It has been the most extraordinary three weeks and I’m sure that many of you will be feeling exhausted not only by the pace and intensity of work, especially in confinement, but also by the worry, disruption and emotional strain that the Covid-19 crisis has caused.
At its recent meeting Council was deeply impressed by the scale and speed of what has been achieved and profoundly grateful for the huge effort that everybody has made in coming together to shift to remote working and remote teaching and learning. Our Chancellor, Baroness Jenny Randerson, and our Pro-Chancellors Heather Stephens, Gareth Powell and Gabe Treharne have been full of praise for all of our staff and students.
As I write we approach the Easter bank holiday when most colleagues will be able to enjoy a well-deserved rest, all the while aware of the huge contribution being made by those who work in the NHS and allied professions, and all those who continue to maintain essential services for Cardiff University. My thanks, too, to everyone.
Despite the bewildering speed of change over the last few weeks it is important for me to keep the wider strategic implications of coronavirus in sight. After Easter we will therefore need to embark on a consideration of what the effects for our longer-term strategy are likely to be and how we will need to adjust to take account of an uncertain but very different world. There will be significant effects on the global economy and for our own country. We will need to review The Way Forward 2018-23 and consider how Transforming Cardiff – the means to deliver the Way Forward strategy – will have to adapt to the new circumstances.
I should say that I have not lost sight of the Staff Survey in which senior management were criticised for insufficiently listening and responding to staff views, and being insufficiently transparent in communications. This is a message I and my colleagues have taken to heart. I have tried to communicate regularly during the current crisis and will continue to do so as we move into the next stage. We will need to find ways of consulting and communicating effectively in the constrained circumstances in which we find ourselves and which may be a feature of our lives for some time yet. We will need to work closely with campus unions and build in ways of taking staff views into account as we deal with the formidable challenges that the future doubtless holds, and this is a theme I will return to after Easter.
For now, it is good to know that we at Cardiff University are doing our bit. You may be aware that we have a research team led by Dr Alan Parker working on coronavirus vaccine development, whilst others in the School of Pharmacy and the School of Medicine pursue research that will help slow the spread of the virus both by developing innovative methods of rapidly disinfecting contaminated environments such as ambulances, allowing them to be re-used more quickly, and by finding ways to make it more difficult for the virus to spread from person to person. They are part of an unparalleled global effort to develop ways of counteracting the virus so that we have more weapons in our armoury than the economically and psychologically unpalatable methods that our governments at the moment have no option but to deploy.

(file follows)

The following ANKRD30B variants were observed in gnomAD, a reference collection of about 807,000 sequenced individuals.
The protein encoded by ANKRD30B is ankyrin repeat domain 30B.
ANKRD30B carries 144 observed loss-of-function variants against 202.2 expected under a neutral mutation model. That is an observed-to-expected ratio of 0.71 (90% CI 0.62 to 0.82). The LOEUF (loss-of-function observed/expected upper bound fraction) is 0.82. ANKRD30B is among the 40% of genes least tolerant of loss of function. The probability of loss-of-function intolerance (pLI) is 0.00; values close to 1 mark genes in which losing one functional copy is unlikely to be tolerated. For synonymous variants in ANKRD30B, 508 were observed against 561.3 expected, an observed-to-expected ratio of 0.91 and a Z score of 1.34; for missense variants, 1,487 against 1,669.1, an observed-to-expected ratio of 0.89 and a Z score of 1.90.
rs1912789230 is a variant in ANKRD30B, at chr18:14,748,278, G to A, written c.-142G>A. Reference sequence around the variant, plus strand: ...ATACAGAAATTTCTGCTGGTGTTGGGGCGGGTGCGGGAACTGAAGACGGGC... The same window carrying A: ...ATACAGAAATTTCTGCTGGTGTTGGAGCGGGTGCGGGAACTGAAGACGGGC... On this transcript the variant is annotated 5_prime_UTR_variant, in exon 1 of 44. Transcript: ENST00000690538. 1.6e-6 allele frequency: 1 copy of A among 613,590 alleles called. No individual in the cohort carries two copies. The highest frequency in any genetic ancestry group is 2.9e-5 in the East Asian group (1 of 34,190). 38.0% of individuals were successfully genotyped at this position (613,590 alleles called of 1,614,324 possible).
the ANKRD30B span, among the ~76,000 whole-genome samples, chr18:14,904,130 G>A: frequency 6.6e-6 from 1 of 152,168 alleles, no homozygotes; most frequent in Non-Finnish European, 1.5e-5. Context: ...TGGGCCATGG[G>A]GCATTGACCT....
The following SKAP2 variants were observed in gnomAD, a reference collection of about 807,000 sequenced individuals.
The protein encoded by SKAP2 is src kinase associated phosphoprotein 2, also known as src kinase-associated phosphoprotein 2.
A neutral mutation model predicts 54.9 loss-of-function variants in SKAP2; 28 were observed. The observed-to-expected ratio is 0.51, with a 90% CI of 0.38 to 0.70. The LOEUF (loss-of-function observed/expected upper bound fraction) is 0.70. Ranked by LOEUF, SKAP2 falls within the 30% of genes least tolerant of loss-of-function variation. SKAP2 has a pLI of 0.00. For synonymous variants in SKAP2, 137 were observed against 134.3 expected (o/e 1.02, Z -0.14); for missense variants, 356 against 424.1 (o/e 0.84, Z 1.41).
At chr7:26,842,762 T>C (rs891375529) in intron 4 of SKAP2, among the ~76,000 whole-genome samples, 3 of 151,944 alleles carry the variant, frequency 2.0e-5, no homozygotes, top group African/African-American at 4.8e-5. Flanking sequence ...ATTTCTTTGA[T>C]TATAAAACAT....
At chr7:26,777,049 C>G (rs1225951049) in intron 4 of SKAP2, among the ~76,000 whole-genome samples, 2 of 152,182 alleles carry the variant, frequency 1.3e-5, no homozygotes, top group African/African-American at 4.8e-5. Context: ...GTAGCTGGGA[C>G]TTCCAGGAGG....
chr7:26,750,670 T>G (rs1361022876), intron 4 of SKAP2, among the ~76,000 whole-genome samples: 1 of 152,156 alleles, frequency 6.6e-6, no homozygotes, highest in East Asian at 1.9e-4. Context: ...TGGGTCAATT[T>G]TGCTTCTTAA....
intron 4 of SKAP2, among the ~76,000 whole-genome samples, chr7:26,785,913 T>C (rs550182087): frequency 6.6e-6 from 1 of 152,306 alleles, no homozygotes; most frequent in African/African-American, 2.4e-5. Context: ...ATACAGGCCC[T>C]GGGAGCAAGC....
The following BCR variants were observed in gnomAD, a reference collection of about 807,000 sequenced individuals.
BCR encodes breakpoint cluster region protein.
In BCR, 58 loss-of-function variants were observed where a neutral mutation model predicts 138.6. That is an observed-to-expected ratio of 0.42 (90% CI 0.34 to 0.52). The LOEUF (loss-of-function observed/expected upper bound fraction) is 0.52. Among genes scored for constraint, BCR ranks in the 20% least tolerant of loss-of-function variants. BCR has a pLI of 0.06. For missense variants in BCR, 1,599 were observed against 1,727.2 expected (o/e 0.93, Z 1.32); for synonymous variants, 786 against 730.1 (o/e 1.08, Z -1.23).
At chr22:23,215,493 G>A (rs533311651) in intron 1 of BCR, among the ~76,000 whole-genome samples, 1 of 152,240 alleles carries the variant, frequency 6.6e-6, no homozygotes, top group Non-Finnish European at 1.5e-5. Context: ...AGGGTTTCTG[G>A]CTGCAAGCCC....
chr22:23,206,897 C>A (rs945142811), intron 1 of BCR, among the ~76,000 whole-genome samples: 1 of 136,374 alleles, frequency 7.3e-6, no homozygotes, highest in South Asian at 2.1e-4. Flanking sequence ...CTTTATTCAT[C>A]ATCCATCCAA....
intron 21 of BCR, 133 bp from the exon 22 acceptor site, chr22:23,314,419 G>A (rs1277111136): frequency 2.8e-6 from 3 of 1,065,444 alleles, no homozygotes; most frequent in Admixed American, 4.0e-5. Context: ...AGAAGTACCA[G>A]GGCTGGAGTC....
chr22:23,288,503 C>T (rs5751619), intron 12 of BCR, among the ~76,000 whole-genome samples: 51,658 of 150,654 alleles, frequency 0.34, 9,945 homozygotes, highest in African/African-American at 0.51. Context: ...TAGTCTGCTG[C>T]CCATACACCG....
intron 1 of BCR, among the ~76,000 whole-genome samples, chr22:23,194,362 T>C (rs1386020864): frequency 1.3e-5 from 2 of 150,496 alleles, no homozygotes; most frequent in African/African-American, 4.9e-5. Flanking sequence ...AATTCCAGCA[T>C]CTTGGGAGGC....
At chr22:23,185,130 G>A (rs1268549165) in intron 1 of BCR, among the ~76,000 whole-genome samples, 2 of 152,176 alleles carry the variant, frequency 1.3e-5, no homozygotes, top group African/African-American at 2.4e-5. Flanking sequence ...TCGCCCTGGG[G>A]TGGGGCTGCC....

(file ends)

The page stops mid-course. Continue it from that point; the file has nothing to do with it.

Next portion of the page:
You will know that the Welsh government has extended the lockdown and that we all must observe the rules, however difficult and frustrating it may be. The importance of this cannot be overstated, as the shocking news earlier this week that the Prime Minister had been transferred to intensive care brought home to the country. This very clearly demonstrated that we are dealing with a new phenomenon that we understand imperfectly and against which our defences are unreliable. It was heartening to see the supportive words offered by the new Labour leader, Sir Keir Starmer, and the evident desire of so many people to put their differences aside and wish the Prime Minister, and all those in his predicament, a speedy and full recovery.
Many of you will have planned holidays over Easter which now clearly cannot take place. I am sure that some will have thought better of taking annual leave when there is less of a clear reason to do so. I would like to encourage you to use your leave entitlement if you can, because it’s important to get a chance to recharge the batteries. However, in the circumstances it’s understandable if it proves difficult to do so, and therefore we have decided that this year, it will be permissible to carry over 10 days from this year’s leave entitlement instead of the usual five. I hope this will make it easier for you to plan.
Finally, it is my sad duty to report the deaths of three of our colleagues in the last week as a result of the epidemic. Out of respect for their families I cannot give further details at this stage, but on behalf of the whole University I want to express our deep condolences and sorrow at this very sad turn of events. With permission, we will be setting up obituary pages on our website in due course so that people can pay their respects, and we are offering support wherever we can. As we take the opportunity to reflect and unwind this Easter weekend, our thoughts are with their families and loved ones.
With best wishes,